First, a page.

The raw materials are delivered to PADMA’s headquarters in Wetzikon in powder form and then processed further in manufacturing campaigns. In the first step, the formula is mixed homogeneously and filled into capsules. The finished product is mainly packed in blisters with 20 capsules each, four-capsules blisters are also produced as samples. The products destined for sale can be supplied in packs of 1, 2, 3, 5, 6, 10 or 27. Considerable flexibility is called for to pack the blisters in seven different box sizes.
To meet these complex requirements and satisfy the steady growth in demand, PADMA’s management decided to install a high-tech, Romaco-built line that includes primary, secondary and final packaging units. A Noack 921 blister machine with a Promatic P 91L intermittent motion cartoner and a Promatic PAK 100 case packer were chosen to master this challenge. The line was configured in a U-shape owing to the limited space available. “Romaco went to great pains during the planning phase to accommodate our very specific needs and convinced us with innovative solution strategies,” Schwabl explains. The Romaco blister line was commissioned at the PADMA facility in late 2014. Approximately, two million capsules are processed per batch. PADMA currently employs around 30 staff and generates about ten million Swiss francs in revenues annually.
The blister line is designed to handle extremely diverse stack heights. The cartoner was built with two separate feed units for this reason. The blisters for the size 27 pack are fed via a special bypass with a turn-over starwheel, which turns the stacks vertically 90 degrees. They are then placed in the cartoner’s bucket chain standing up on edge. A counter-slide is used to support the large stacks as they are fed into the open boxes. An output of eight size 27 packs per minute is achieved with this format.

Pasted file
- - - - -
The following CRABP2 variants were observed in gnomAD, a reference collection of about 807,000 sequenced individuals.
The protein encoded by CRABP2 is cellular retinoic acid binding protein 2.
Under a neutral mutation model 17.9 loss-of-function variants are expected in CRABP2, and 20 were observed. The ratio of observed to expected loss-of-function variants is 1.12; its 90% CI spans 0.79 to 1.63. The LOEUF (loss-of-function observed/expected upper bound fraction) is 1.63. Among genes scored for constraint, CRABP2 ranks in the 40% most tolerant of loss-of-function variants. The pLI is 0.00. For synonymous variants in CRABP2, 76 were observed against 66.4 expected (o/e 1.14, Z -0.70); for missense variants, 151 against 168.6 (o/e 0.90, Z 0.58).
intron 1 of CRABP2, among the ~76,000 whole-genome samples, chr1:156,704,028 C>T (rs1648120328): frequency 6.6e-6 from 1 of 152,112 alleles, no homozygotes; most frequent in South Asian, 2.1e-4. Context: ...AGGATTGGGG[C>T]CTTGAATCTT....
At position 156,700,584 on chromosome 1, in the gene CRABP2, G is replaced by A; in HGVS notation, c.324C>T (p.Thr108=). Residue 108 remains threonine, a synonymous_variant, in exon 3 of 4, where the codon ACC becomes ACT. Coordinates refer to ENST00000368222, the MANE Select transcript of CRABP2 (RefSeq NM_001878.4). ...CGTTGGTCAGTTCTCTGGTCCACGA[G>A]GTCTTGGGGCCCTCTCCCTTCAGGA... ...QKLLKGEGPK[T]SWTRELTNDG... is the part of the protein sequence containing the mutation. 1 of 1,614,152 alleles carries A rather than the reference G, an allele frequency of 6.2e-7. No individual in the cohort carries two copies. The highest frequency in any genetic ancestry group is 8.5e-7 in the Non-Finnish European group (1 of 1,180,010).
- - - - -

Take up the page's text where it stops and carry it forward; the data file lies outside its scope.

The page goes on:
For packs with ten blisters or less, the standard feed unit is selected by means of a vertical twist, which turns the blisters horizontally 90 degrees and places them in the stacking magazine, where they are counted and conveyed directly to the cartoner via the bucket chain. In this configuration the line has a maximum output of four hundred sample blisters or three hundred 20-capsule blisters and 75 boxes per minute. The feed unit is determined by the format selected on the cartoner’s HMI panel plus a mechanical switch at the transfer conveyor between the blister machine and the cartoner. The blisters themselves are manufactured in a three-lane rotary sealing and die-cutting process. Foil waste is thereby considerably reduced.
Two people are normally charged with operating the blister line as well as format changes and cleaning the machine. PADMA ships its products in cases, which is why a case packer is attached to the cartoner. The Romaco Promatic PAK 100 is a semi-automatic machine: the folding cartons are grouped, stacked and inserted automatically while the only manual steps are case erection, feeding and closing.
PADMA was supported and assisted during the installation and commissioning phase of the new blister line by Trimaco, Romaco’s Swiss agent. “The support we received from Trimaco was – and still is – vital to a small company like us because the machines have to provide very high flexibility”, Schwabl emphasises. “Trimaco and Romaco are competent partners who can be trusted to help us at any time with user training or technical support.” And if the Dalai Lama pays another visit to PADMA at some time in the future, the official photographs will no longer show him in front of the predecessor Noack DPN 760 but against the backdrop of a fully automatic blister line made by Romaco. The Tibetan formulas used by PADMA may have been handed down over the millennia, but the production process is definitely twenty-first century.